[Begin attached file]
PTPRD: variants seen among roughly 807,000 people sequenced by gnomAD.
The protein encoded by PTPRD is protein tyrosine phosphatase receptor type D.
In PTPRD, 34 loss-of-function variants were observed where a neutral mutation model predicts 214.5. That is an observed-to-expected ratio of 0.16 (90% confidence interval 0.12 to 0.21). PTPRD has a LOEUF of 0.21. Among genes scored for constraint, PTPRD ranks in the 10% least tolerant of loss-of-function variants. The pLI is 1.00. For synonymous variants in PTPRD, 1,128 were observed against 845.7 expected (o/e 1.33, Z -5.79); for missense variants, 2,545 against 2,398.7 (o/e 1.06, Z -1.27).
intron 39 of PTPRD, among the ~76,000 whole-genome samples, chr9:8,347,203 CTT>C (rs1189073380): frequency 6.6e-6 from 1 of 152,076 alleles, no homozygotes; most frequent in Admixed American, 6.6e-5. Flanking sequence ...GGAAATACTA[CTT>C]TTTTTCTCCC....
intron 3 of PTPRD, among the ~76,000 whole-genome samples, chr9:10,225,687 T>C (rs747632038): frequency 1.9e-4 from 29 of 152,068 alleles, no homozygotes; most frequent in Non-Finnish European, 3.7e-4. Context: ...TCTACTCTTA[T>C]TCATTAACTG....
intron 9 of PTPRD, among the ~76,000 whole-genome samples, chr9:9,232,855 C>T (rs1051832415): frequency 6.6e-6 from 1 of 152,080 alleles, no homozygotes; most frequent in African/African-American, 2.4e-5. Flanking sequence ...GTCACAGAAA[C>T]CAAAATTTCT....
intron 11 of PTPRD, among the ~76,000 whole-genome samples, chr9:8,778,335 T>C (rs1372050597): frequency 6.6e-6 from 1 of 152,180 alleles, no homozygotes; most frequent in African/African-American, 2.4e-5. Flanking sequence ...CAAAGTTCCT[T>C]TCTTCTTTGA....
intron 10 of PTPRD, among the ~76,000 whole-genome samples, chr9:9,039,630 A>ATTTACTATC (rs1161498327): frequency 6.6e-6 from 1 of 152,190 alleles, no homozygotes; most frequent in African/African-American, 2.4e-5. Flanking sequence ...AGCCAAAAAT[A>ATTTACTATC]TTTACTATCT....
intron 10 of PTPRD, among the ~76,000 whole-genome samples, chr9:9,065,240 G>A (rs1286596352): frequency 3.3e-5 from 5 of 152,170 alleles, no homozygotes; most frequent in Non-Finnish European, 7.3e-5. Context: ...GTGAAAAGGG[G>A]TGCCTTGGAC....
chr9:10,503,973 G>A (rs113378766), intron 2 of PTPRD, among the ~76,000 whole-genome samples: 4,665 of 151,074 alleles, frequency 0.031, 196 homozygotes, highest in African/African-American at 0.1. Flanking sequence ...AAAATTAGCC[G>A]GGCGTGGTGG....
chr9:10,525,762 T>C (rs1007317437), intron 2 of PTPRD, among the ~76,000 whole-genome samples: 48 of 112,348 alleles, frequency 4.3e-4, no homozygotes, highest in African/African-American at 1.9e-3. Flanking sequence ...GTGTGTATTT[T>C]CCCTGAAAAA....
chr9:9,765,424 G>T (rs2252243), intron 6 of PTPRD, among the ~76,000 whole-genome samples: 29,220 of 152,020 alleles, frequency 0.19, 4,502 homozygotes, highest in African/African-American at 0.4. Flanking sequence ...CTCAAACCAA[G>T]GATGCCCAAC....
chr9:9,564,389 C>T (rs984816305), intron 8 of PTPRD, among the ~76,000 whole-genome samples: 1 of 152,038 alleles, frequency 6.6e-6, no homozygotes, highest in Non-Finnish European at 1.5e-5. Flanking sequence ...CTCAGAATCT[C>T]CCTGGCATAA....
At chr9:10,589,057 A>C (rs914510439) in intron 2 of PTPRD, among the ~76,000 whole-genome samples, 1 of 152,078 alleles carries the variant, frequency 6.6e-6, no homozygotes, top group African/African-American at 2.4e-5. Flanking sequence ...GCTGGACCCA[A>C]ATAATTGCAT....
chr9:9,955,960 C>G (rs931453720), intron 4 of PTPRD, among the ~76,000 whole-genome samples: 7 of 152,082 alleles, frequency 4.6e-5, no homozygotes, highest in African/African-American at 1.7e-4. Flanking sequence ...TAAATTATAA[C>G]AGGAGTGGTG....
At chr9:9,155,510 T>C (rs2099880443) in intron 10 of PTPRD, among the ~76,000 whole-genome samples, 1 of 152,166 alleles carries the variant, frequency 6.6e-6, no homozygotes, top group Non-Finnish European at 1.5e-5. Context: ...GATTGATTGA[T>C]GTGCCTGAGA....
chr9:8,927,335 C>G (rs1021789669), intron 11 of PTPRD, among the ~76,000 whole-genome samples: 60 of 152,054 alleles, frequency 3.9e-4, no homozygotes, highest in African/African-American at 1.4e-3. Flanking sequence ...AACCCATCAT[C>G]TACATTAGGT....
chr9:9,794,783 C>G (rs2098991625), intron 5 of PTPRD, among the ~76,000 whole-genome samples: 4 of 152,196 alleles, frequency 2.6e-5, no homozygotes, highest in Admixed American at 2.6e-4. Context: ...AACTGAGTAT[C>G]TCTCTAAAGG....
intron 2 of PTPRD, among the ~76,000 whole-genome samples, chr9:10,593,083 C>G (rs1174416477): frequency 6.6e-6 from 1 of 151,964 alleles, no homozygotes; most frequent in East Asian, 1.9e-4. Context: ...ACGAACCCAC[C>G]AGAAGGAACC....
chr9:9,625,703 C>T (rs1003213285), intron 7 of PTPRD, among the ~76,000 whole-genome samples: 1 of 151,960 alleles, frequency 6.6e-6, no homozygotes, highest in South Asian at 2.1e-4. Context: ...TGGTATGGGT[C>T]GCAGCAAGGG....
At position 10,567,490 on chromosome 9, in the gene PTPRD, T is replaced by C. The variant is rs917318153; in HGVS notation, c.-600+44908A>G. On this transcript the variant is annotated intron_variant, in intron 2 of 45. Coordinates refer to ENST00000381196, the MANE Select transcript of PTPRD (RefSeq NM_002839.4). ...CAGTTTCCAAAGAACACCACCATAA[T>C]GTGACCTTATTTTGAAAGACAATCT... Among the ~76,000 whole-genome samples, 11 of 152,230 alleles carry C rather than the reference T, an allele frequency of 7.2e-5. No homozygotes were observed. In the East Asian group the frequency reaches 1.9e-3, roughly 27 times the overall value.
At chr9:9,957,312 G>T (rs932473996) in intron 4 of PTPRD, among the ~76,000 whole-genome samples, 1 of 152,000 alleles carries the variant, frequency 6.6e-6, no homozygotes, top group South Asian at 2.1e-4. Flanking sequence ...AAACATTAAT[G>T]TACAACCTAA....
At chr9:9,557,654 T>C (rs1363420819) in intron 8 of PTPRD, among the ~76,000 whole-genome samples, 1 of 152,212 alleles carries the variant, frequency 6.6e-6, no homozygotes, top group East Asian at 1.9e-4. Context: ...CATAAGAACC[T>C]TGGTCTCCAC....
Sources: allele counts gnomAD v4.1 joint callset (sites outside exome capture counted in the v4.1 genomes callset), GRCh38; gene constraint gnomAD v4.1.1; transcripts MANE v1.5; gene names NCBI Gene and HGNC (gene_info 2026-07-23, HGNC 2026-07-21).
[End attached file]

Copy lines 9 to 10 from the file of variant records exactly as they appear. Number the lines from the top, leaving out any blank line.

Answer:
intron 10 of PTPRD, among the ~76,000 whole-genome samples, chr9:9,065,240 G>A (rs1286596352): frequency 3.3e-5 from 5 of 152,170 alleles, no homozygotes; most frequent in Non-Finnish European, 7.3e-5. Context: ...GTGAAAAGGG[G>A]TGCCTTGGAC....
chr9:10,503,973 G>A (rs113378766), intron 2 of PTPRD, among the ~76,000 whole-genome samples: 4,665 of 151,074 alleles, frequency 0.031, 196 homozygotes, highest in African/African-American at 0.1. Flanking sequence ...AAAATTAGCC[G>A]GGCGTGGTGG....